In the utilization of the container, the following technique is practiced. With the valve 27 in closed position, which position it will assume due to its own weight and the spring-like quality of the material from which the valve is made, liquid A is introduced into the compartment 13 until the container is partially filled. With the valve 27 in closed position there is no possibility of seepage of the liquid A into compartment 15. The liquid is then subjected to a pressure of approximately 25 pounds and the compartment is then capped with the cap 23. Liquid B is then introduced into compartment 15 and subjected to a pressure of about 20 pounds. The compartment 15 is then capped with the cap 25. With the pressure maintained in compartment 13 being greater than that in compartment 15, the body portion 28 of the valve will be urged against the wall 17 thereby eifectively preventing the flow of liquid from one compartment to the other. Under such conditions the container can be stored indefinitely until ready for use.
When it is desired to mix the two liquids A and B, the cap is removed from compartment 13 thereby allowing the pressure to become normal therein. Since now the pressure in compartment 15 will be greater than that in compartment 13, there will be a surge of liquid through the opening 29 forcing the lower half of the body portion 28 of the valve away from the opening 29 as shown in Figure 2. Such sudden surge and violent agitation will cause a thorough intermingling of the two liquids within the compartment 13, and the resultant mixture is then ready for use.
In order to avoid any accidental opening of compartment 15 by removing the cap therefrom, it is suggested that the cap on compartment 15 be appropriately labeled, or with appropriate instructions set forth on the container proper. Another suggested method is to have the cap 25 of the irremovable type so that it cannot be taken oif when once placed in position.
In the modification shown in Figure the same basic principle is employed as set forth above in the construction of a bottle having three compartments wherein it is desired to bring together three separate liquids. In the device of Figure 5, the container '11 comprises three separatesections 31, 36 and 35, wherein 35 will be the mixing chamber maintained at a pressure greater than that of the other two chambers 31 and 36 respectively. Liquid can be poured into the compartment 35 through the neck portionofthe container as was accomplished above. Liquid can be poured into separate compartments 31 and 36 and maintained under a pressure smaller than that of compartment 35, through the entry ports 37 which can then be sealed by any appropriate means such as stoppers 39. The method of mixing the liquids is the same as was accomplished in the two-compartment container. By removing the cap from the bottle of the device shown in Figure 5 .the pressure is immediately reduced to normal and the resultantlgreater pressure within the separate compartments 31 and 36 will force the valves to open, permitting the flow of liquid from said compartments into the main mixing compartment 35 whereby the desired mixing is accomplished.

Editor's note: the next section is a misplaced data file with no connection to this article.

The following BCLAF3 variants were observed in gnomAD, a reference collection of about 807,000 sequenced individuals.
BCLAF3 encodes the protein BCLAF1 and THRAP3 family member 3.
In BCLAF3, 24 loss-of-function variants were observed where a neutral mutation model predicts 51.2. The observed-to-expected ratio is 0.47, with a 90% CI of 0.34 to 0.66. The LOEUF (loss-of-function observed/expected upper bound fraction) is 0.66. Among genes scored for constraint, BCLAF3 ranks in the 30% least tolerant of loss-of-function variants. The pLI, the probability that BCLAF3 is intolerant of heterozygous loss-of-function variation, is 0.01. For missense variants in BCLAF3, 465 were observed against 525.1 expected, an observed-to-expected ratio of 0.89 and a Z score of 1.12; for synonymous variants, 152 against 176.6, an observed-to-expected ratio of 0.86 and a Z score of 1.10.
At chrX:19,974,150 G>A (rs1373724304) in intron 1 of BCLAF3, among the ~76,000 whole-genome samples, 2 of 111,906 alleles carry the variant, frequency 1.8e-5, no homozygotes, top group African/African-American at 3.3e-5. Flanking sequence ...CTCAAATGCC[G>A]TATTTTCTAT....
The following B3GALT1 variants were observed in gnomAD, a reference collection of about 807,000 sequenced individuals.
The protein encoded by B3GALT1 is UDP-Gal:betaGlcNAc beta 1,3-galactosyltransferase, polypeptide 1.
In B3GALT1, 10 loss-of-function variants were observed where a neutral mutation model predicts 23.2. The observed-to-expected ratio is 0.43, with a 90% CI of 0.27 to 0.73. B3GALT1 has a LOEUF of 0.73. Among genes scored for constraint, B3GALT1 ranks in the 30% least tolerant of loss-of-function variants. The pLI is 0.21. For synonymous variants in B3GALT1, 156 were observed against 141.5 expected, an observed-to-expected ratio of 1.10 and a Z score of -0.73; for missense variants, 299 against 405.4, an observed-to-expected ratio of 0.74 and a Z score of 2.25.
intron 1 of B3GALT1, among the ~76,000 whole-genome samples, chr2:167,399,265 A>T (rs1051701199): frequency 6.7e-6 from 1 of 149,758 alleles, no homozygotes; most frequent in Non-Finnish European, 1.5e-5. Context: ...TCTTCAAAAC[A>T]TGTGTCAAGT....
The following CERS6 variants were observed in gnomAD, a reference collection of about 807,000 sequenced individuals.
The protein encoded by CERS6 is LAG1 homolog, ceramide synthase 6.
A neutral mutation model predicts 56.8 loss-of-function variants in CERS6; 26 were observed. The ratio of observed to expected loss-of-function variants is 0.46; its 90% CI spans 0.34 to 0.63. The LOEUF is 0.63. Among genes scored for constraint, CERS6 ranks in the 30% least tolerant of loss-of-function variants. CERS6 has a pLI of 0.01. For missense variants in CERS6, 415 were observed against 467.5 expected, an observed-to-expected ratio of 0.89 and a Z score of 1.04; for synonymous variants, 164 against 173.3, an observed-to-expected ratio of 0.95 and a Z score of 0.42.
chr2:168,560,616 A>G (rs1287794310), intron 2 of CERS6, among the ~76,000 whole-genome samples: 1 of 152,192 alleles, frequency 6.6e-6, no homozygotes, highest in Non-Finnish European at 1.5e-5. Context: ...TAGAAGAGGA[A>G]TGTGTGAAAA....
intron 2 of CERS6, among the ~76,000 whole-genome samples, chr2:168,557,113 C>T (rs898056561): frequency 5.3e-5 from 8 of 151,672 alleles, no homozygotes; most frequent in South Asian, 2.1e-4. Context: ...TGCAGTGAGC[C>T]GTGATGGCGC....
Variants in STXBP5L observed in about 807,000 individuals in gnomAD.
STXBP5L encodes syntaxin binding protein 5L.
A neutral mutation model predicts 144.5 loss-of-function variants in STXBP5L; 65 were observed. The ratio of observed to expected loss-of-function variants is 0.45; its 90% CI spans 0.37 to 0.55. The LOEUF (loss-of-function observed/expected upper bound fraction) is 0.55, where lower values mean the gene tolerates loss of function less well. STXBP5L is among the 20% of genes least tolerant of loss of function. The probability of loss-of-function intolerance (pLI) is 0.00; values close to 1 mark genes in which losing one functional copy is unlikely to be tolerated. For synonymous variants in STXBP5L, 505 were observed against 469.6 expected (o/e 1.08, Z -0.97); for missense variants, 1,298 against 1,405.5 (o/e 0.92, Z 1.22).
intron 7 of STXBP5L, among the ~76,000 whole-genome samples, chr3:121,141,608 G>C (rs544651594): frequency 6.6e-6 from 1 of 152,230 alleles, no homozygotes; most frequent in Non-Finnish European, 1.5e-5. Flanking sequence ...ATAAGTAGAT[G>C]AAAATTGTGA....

While there have been herein described what are to be considered the preferred embodiments of the invention, itzis obvious modifications may be made to the containers described without departing from the spirit and scope of the invention. Accordingly, while not shown, it is within the scope of the invention to provide a bottle or container having but one neck, such as the bottle of Figure 5, and having 'an inner wall dividing the bottle into two compartments. The lower portion of the wall is provided on one surface thereof with a one-way valve, such as the valve 27 supra, and a similar valve close to the top of the wall on the opposite surface of the wall. In such arrangement similar or different liquids can be introduced into the separate compartments and maintained under the same pressure. When the cap is removed the pressure in one compartment will decrease and the greater pressure inth'e second compartmentwill'force the liquid from said second compartment into the first compartment where thorough commixing will be eifected.
Having thus described the invention, what is claimed as new is:
l. A liquid package comprising a container having first and second compartments with a'common vertical Wall therebetween, a communicating passage in said wall adjacent the bottom of said container, a one-way pressure valve in said passage controlling the flow of liquid from said first compartment to said second compartment, liquids only partially filling each of said compartments above the level of said passage under gaseous pressure, the pressure in said second compartment being greater than the pressure in said first compartment and both pressures being greater than atmospheric pressure, and means for venting said second compartment, whereby when the latter is vented the pressure in said first compartment will force the liquid therein into said second compartment.
2. A package .of the kind set forth in claim 1 wherein said one-way pressure valve comprises a flap in said second compartment which abuts against said passage and prevents the flow of liquid from the first compartment into the second compartment when the gaseous pressure in the second compartment is greater than the pressure in the first compartment.
References Cited in the tile of this patent UNITED :STATES PATENTS 611,520 *Smith Sept. 27, 1898 1,700,623 -Bleecker Jan. 29, 1929 2,096;088 Copeman Oct. 19, 1937 2,512,694 Stout et al. June 27, 1950 I FOREIGN PATENTS 286,780 Germany Aug. 30, 1915